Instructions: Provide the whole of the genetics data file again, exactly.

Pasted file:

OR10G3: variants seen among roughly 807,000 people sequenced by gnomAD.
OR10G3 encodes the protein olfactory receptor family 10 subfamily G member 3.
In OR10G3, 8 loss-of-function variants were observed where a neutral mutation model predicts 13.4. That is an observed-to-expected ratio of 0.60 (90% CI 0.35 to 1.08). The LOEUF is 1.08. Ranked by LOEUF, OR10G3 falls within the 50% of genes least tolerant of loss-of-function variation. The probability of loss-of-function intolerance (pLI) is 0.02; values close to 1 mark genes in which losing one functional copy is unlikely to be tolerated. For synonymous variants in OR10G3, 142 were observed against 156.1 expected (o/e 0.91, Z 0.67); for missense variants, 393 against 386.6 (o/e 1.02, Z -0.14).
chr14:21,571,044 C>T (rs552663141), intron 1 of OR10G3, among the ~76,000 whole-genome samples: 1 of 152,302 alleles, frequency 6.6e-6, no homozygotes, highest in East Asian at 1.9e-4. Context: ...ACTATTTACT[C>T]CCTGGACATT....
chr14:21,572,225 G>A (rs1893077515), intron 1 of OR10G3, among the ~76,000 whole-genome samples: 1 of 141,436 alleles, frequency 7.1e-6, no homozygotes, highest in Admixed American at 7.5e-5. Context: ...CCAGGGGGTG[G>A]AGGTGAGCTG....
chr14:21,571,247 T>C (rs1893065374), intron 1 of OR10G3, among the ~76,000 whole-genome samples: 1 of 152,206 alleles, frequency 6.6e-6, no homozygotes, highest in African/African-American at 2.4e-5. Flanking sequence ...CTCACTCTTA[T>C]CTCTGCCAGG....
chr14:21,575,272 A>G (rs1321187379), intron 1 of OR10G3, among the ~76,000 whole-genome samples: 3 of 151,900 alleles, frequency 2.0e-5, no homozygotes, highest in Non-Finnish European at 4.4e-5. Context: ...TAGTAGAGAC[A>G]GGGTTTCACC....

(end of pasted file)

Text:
OR10G3: variants seen among roughly 807,000 people sequenced by gnomAD.
OR10G3 encodes the protein olfactory receptor family 10 subfamily G member 3.
In OR10G3, 8 loss-of-function variants were observed where a neutral mutation model predicts 13.4. That is an observed-to-expected ratio of 0.60 (90% CI 0.35 to 1.08). The LOEUF is 1.08. Ranked by LOEUF, OR10G3 falls within the 50% of genes least tolerant of loss-of-function variation. The probability of loss-of-function intolerance (pLI) is 0.02; values close to 1 mark genes in which losing one functional copy is unlikely to be tolerated. For synonymous variants in OR10G3, 142 were observed against 156.1 expected (o/e 0.91, Z 0.67); for missense variants, 393 against 386.6 (o/e 1.02, Z -0.14).
chr14:21,571,044 C>T (rs552663141), intron 1 of OR10G3, among the ~76,000 whole-genome samples: 1 of 152,302 alleles, frequency 6.6e-6, no homozygotes, highest in East Asian at 1.9e-4. Context: ...ACTATTTACT[C>T]CCTGGACATT....
chr14:21,572,225 G>A (rs1893077515), intron 1 of OR10G3, among the ~76,000 whole-genome samples: 1 of 141,436 alleles, frequency 7.1e-6, no homozygotes, highest in Admixed American at 7.5e-5. Context: ...CCAGGGGGTG[G>A]AGGTGAGCTG....
chr14:21,571,247 T>C (rs1893065374), intron 1 of OR10G3, among the ~76,000 whole-genome samples: 1 of 152,206 alleles, frequency 6.6e-6, no homozygotes, highest in African/African-American at 2.4e-5. Flanking sequence ...CTCACTCTTA[T>C]CTCTGCCAGG....
chr14:21,575,272 A>G (rs1321187379), intron 1 of OR10G3, among the ~76,000 whole-genome samples: 3 of 151,900 alleles, frequency 2.0e-5, no homozygotes, highest in Non-Finnish European at 4.4e-5. Context: ...TAGTAGAGAC[A>G]GGGTTTCACC....